Six in 10 adults in Northern Ireland are more fearful of developing dementia than any other condition, a survey has suggested.
Figures released by Alzheimer's Society also reveal more than half of those surveyed said if they had dementia they would feel their life was over.
A total of 2,365 people took part in the national survey conducted by Ipsos.
The society is urging everyone to come together and unite against the condition.
'Find a cure'
Operations director for the Alzheimer's Society in Northern Ireland, Bernadine McCrory, says too many people are being denied the support they need.
"We're determined to bring everyone's attention to the massive injustice faced by people with dementia and their carers," she said.
"There are over 20,000 people living with dementia in Northern Ireland. We urgently need people to unite with us to improve care, offer help and understanding to those affected and find a cure. Together, we can bring about change."
Research shows that 850,000 people in the UK have a form of dementia. By 2021, it is thought that one million people will be living with the condition.
Danny Brown, who lives in Antrim, already knows what it is like.
Now 74, he was diagnosed with vascular dementia in March 2014. He says that the initial diagnosis came with a great deal of shock.
"I was very down. Life was ebbing away and I had no control, life was folding in on me and there was a lot of darkness - 'I can't go on with this, I can't face it'.
He said he was asking himself questions like: "How soon am I going to go blind? Will I remember?"
He added: "I lost my wallet continually, I hide it that well I can't find it."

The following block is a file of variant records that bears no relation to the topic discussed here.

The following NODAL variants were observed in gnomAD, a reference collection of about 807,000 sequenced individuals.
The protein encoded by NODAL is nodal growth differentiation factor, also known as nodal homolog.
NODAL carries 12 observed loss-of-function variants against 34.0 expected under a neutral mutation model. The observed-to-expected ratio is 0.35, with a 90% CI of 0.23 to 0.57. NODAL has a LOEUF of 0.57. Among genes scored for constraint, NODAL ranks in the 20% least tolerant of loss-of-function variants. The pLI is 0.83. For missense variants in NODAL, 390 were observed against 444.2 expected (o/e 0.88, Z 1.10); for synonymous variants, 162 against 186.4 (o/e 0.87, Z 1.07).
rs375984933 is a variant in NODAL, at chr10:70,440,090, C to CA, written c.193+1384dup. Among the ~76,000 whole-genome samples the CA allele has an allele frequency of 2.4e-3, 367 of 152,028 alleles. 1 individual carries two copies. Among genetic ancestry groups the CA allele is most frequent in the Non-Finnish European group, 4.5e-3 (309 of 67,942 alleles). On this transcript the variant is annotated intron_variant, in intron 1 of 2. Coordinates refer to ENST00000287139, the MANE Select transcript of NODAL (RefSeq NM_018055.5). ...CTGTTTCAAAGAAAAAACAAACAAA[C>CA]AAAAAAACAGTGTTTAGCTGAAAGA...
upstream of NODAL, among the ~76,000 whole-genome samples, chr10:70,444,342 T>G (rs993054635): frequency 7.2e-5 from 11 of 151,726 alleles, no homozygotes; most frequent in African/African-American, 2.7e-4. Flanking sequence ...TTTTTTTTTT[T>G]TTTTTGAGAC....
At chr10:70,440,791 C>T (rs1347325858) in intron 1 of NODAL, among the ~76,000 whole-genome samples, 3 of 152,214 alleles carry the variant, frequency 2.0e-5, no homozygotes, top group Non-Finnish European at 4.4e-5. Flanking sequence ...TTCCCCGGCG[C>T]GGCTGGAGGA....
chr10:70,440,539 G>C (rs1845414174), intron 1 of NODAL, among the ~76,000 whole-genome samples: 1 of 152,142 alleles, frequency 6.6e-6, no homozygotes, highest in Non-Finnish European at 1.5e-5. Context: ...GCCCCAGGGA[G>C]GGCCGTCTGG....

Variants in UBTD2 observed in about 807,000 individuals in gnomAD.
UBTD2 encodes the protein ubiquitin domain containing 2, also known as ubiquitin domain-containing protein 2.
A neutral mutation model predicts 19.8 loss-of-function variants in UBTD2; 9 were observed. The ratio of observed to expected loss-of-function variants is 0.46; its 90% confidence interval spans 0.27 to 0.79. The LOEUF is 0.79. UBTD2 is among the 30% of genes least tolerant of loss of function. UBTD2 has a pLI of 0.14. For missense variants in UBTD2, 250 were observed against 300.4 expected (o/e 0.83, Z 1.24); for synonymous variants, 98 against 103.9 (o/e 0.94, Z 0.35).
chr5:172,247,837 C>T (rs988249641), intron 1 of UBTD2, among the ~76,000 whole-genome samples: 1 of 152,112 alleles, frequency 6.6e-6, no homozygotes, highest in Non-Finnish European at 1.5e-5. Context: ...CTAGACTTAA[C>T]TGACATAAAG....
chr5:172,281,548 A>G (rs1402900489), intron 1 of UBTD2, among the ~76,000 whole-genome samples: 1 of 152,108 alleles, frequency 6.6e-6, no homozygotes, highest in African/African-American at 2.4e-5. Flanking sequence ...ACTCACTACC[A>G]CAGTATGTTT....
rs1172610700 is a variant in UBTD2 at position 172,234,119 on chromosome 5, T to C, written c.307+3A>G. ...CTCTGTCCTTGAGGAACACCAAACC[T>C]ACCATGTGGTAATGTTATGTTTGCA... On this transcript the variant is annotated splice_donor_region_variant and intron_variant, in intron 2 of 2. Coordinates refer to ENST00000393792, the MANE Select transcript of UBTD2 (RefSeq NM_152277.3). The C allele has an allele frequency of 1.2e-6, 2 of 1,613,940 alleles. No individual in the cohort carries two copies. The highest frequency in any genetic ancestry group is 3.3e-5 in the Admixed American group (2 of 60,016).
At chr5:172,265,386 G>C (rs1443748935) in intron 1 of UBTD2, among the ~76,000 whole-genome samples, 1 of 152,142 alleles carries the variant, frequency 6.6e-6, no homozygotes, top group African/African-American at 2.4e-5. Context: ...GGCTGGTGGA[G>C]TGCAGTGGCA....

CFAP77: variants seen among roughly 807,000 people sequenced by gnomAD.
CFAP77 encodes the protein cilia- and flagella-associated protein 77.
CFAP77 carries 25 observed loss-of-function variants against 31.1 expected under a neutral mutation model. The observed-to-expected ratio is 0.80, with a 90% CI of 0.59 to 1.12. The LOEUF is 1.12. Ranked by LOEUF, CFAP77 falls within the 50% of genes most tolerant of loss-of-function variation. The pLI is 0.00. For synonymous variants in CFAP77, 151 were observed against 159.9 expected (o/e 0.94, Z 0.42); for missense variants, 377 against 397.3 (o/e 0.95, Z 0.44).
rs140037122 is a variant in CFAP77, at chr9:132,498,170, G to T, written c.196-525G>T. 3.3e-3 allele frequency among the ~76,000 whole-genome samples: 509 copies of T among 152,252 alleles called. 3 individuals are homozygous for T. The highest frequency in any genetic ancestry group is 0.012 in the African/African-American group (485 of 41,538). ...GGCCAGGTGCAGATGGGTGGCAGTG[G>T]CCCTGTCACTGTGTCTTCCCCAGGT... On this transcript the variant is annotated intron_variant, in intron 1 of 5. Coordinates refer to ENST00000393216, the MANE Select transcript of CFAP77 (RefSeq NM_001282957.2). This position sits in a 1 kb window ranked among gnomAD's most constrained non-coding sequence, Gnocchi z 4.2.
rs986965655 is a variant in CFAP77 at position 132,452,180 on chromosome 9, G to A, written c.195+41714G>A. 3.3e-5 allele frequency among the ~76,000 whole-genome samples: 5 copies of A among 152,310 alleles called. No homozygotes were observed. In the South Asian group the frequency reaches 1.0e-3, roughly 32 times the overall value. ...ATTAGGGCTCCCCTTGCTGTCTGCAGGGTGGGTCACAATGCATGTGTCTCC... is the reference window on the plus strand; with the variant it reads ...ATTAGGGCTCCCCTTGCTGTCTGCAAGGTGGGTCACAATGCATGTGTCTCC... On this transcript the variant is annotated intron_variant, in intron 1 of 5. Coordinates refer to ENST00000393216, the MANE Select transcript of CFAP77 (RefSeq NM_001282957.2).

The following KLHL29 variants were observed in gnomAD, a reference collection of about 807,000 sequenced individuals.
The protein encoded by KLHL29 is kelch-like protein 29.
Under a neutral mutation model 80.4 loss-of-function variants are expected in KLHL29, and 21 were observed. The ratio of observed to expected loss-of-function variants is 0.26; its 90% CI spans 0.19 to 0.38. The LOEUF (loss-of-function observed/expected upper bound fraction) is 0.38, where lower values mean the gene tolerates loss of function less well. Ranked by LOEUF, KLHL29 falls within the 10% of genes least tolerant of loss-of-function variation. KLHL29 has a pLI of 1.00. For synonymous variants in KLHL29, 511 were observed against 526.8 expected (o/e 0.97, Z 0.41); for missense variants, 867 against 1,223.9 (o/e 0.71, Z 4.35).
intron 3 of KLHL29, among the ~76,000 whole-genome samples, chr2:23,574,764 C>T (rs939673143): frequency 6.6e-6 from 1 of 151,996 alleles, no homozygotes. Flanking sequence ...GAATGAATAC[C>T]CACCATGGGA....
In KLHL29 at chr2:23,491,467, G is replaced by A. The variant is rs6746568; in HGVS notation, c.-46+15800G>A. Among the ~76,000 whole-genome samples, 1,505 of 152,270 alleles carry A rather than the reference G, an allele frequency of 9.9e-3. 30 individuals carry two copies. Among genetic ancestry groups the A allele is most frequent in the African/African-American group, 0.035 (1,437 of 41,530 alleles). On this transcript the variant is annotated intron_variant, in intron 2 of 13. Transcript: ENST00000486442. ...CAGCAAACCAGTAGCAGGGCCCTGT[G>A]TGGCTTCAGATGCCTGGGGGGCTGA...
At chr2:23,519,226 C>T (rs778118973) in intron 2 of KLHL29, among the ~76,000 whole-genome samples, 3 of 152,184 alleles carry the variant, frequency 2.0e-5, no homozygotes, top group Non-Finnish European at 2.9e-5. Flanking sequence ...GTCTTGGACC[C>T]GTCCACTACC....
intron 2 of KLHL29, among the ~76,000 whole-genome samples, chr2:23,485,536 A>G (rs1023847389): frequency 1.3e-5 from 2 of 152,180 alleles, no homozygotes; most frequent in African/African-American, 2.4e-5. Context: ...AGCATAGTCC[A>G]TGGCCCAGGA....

Danny's reaction is typical of those who are diagnosed.
However, getting in contact with the Alzheimer's Society helped him and his family access support.
He is now part of a team who volunteer with the Men's Friendship Group in the log cabin Antrim.
Danny says the society have advised on how he can continue to live safely in his own home.
There are printed signs all over his house. Such as "check and lock door", " oven off".
There is also a lock on his freezer because he kept forgetting to shut the door.
"I don't smoke so there was never any risk of setting the house on fire but I do silly things at times and now I have just accepted what I have got.
"I am a volunteer and go to people's houses to help them. I will walk in and say I'm Danny and I have vascular dementia. "
With support, Danny is proof that people who have been diagnosed can continue with their lives - perhaps limited and different - but life can continue.
The charity says nearly two thirds of people fear a diagnosis would mean their life was over.
But it says an early diagnosis can actually help people to live as well as possible.
And it wants everyone to confront head-on the challenges posed by dementia.
In a survey of over 2,000 adults, over half say they worry that if they developed dementia, no-one would want to spend time with them.
The charity says they hope the results of this new survey will focus attention on the condition and help people realise they can continue to live independently.
Dementia is set to be the 21st Century's biggest killer, according to Alzheimer's Society.